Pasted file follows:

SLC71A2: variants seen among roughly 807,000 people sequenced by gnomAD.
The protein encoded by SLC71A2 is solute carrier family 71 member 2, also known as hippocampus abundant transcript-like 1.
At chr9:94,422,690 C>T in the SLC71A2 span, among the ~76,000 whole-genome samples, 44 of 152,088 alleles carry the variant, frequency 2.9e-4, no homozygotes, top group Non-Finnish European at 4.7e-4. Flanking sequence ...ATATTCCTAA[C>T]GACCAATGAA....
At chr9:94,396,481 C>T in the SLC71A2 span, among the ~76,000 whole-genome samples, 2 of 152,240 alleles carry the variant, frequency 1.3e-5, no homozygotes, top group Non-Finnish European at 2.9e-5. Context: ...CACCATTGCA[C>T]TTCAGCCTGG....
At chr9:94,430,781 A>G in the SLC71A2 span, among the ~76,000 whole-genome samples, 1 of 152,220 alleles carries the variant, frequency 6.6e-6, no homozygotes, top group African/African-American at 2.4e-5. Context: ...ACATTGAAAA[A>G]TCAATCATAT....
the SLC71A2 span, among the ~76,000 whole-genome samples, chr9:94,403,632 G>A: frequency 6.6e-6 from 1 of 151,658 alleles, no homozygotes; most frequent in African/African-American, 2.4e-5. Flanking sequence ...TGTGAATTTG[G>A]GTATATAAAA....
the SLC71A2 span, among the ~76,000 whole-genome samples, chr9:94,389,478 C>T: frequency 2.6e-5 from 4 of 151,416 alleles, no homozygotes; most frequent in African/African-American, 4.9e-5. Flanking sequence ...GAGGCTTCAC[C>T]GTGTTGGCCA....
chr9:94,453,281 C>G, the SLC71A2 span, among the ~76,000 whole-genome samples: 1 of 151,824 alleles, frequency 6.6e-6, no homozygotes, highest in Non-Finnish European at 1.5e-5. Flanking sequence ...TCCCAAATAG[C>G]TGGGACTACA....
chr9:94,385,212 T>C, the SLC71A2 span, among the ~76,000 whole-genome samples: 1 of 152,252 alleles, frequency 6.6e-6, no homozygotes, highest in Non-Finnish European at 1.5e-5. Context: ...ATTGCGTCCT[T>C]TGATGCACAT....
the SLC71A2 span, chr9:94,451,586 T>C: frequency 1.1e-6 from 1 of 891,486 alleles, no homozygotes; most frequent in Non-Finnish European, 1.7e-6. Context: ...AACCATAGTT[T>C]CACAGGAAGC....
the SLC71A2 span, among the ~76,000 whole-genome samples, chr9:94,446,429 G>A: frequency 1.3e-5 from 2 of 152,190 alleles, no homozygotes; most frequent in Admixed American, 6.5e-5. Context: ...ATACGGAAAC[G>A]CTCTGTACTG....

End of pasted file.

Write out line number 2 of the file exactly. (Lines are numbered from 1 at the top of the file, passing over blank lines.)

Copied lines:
The protein encoded by SLC71A2 is solute carrier family 71 member 2, also known as hippocampus abundant transcript-like 1.